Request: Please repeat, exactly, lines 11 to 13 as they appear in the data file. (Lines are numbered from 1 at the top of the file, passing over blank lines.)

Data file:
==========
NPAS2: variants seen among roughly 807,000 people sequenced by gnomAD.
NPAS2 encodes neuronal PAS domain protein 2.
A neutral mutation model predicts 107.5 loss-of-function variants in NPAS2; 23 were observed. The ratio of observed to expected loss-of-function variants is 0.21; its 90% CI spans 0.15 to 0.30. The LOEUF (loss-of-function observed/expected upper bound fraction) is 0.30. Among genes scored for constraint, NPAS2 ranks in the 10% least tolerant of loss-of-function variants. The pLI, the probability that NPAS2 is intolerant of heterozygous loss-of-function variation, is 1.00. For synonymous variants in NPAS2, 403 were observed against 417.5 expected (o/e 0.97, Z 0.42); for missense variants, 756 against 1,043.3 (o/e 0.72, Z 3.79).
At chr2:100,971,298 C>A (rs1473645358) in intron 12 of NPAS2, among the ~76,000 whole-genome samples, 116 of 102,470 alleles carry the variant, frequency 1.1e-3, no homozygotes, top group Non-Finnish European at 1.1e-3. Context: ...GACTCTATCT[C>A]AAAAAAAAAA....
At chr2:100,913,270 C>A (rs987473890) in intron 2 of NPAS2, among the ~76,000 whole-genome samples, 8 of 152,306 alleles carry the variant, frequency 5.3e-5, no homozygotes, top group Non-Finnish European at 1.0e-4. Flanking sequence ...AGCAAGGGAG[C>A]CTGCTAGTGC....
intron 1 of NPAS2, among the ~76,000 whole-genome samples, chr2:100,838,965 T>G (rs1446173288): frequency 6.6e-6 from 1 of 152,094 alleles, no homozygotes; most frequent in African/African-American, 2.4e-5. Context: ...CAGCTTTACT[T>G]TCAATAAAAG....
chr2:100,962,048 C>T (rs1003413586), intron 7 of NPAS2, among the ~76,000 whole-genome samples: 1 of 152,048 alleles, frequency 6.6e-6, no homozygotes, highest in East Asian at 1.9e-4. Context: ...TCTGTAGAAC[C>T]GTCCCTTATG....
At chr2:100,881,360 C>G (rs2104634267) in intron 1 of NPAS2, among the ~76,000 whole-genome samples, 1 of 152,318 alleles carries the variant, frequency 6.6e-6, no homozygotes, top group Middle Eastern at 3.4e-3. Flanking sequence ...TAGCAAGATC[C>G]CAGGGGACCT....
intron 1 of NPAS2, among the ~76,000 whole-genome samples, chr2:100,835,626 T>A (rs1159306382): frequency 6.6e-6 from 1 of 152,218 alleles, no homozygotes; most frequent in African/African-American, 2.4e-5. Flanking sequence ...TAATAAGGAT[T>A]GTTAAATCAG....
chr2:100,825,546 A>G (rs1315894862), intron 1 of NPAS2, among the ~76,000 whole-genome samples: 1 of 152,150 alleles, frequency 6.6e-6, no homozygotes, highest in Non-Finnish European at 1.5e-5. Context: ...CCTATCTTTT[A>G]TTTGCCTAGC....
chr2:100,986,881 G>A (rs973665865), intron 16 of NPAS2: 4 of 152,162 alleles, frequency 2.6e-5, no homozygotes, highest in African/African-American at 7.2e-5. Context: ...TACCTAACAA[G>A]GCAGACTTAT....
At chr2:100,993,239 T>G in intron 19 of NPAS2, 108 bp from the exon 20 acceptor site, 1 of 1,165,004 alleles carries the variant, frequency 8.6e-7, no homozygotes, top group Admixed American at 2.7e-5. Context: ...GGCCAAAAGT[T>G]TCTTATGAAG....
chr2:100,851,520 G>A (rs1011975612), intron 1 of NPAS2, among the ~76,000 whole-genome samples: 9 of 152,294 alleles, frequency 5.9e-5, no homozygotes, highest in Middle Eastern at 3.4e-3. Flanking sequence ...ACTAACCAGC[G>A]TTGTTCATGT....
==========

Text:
chr2:100,986,881 G>A (rs973665865), intron 16 of NPAS2: 4 of 152,162 alleles, frequency 2.6e-5, no homozygotes, highest in African/African-American at 7.2e-5. Context: ...TACCTAACAA[G>A]GCAGACTTAT....
At chr2:100,993,239 T>G in intron 19 of NPAS2, 108 bp from the exon 20 acceptor site, 1 of 1,165,004 alleles carries the variant, frequency 8.6e-7, no homozygotes, top group Admixed American at 2.7e-5. Context: ...GGCCAAAAGT[T>G]TCTTATGAAG....
chr2:100,851,520 G>A (rs1011975612), intron 1 of NPAS2, among the ~76,000 whole-genome samples: 9 of 152,294 alleles, frequency 5.9e-5, no homozygotes, highest in Middle Eastern at 3.4e-3. Flanking sequence ...ACTAACCAGC[G>A]TTGTTCATGT....